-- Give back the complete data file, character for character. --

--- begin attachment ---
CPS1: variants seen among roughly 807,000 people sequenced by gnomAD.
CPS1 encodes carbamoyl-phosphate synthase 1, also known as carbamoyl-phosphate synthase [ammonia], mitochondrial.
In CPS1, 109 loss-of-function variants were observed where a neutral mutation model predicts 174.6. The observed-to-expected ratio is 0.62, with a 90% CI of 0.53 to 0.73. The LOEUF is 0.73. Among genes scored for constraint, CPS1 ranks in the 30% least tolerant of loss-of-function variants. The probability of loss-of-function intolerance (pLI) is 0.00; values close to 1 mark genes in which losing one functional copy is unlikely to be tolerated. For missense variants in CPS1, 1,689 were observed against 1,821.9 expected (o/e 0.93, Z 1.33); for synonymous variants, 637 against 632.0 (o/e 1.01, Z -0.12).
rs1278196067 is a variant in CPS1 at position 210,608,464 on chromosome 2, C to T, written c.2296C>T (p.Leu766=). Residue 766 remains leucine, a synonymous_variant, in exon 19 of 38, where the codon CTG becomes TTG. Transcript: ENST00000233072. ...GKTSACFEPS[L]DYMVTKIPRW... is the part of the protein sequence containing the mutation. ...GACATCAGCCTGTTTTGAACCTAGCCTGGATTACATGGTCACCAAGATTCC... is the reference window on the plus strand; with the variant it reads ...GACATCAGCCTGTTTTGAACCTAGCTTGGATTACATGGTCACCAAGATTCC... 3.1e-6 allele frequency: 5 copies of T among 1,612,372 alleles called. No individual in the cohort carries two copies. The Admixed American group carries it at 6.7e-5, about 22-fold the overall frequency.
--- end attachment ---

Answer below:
CPS1: variants seen among roughly 807,000 people sequenced by gnomAD.
CPS1 encodes carbamoyl-phosphate synthase 1, also known as carbamoyl-phosphate synthase [ammonia], mitochondrial.
In CPS1, 109 loss-of-function variants were observed where a neutral mutation model predicts 174.6. The observed-to-expected ratio is 0.62, with a 90% CI of 0.53 to 0.73. The LOEUF is 0.73. Among genes scored for constraint, CPS1 ranks in the 30% least tolerant of loss-of-function variants. The probability of loss-of-function intolerance (pLI) is 0.00; values close to 1 mark genes in which losing one functional copy is unlikely to be tolerated. For missense variants in CPS1, 1,689 were observed against 1,821.9 expected (o/e 0.93, Z 1.33); for synonymous variants, 637 against 632.0 (o/e 1.01, Z -0.12).
rs1278196067 is a variant in CPS1 at position 210,608,464 on chromosome 2, C to T, written c.2296C>T (p.Leu766=). Residue 766 remains leucine, a synonymous_variant, in exon 19 of 38, where the codon CTG becomes TTG. Transcript: ENST00000233072. ...GKTSACFEPS[L]DYMVTKIPRW... is the part of the protein sequence containing the mutation. ...GACATCAGCCTGTTTTGAACCTAGCCTGGATTACATGGTCACCAAGATTCC... is the reference window on the plus strand; with the variant it reads ...GACATCAGCCTGTTTTGAACCTAGCTTGGATTACATGGTCACCAAGATTCC... 3.1e-6 allele frequency: 5 copies of T among 1,612,372 alleles called. No individual in the cohort carries two copies. The Admixed American group carries it at 6.7e-5, about 22-fold the overall frequency.